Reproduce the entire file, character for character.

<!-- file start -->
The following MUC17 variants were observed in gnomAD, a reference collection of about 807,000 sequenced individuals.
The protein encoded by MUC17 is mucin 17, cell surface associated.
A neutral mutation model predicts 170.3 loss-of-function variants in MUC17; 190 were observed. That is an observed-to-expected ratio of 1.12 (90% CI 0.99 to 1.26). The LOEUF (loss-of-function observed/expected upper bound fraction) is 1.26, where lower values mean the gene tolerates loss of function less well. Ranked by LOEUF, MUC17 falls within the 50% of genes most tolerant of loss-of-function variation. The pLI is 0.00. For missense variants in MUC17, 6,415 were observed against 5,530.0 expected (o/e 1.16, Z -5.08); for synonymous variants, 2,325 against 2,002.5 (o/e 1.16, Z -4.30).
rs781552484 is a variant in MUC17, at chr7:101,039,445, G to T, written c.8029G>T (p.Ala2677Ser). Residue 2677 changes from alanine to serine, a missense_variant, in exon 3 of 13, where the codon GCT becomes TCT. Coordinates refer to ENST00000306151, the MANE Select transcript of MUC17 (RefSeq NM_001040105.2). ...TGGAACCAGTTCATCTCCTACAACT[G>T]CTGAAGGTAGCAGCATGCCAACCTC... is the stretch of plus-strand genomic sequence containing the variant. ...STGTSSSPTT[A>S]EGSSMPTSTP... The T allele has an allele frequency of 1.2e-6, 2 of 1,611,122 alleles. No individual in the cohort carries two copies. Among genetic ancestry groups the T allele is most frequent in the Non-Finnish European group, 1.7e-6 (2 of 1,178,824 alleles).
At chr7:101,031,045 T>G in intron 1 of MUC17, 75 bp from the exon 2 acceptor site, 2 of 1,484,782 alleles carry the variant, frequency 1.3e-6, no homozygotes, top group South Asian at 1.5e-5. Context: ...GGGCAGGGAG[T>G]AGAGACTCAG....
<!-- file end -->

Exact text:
The following MUC17 variants were observed in gnomAD, a reference collection of about 807,000 sequenced individuals.
The protein encoded by MUC17 is mucin 17, cell surface associated.
A neutral mutation model predicts 170.3 loss-of-function variants in MUC17; 190 were observed. That is an observed-to-expected ratio of 1.12 (90% CI 0.99 to 1.26). The LOEUF (loss-of-function observed/expected upper bound fraction) is 1.26, where lower values mean the gene tolerates loss of function less well. Ranked by LOEUF, MUC17 falls within the 50% of genes most tolerant of loss-of-function variation. The pLI is 0.00. For missense variants in MUC17, 6,415 were observed against 5,530.0 expected (o/e 1.16, Z -5.08); for synonymous variants, 2,325 against 2,002.5 (o/e 1.16, Z -4.30).
rs781552484 is a variant in MUC17, at chr7:101,039,445, G to T, written c.8029G>T (p.Ala2677Ser). Residue 2677 changes from alanine to serine, a missense_variant, in exon 3 of 13, where the codon GCT becomes TCT. Coordinates refer to ENST00000306151, the MANE Select transcript of MUC17 (RefSeq NM_001040105.2). ...TGGAACCAGTTCATCTCCTACAACT[G>T]CTGAAGGTAGCAGCATGCCAACCTC... is the stretch of plus-strand genomic sequence containing the variant. ...STGTSSSPTT[A>S]EGSSMPTSTP... The T allele has an allele frequency of 1.2e-6, 2 of 1,611,122 alleles. No individual in the cohort carries two copies. Among genetic ancestry groups the T allele is most frequent in the Non-Finnish European group, 1.7e-6 (2 of 1,178,824 alleles).
At chr7:101,031,045 T>G in intron 1 of MUC17, 75 bp from the exon 2 acceptor site, 2 of 1,484,782 alleles carry the variant, frequency 1.3e-6, no homozygotes, top group South Asian at 1.5e-5. Context: ...GGGCAGGGAG[T>G]AGAGACTCAG....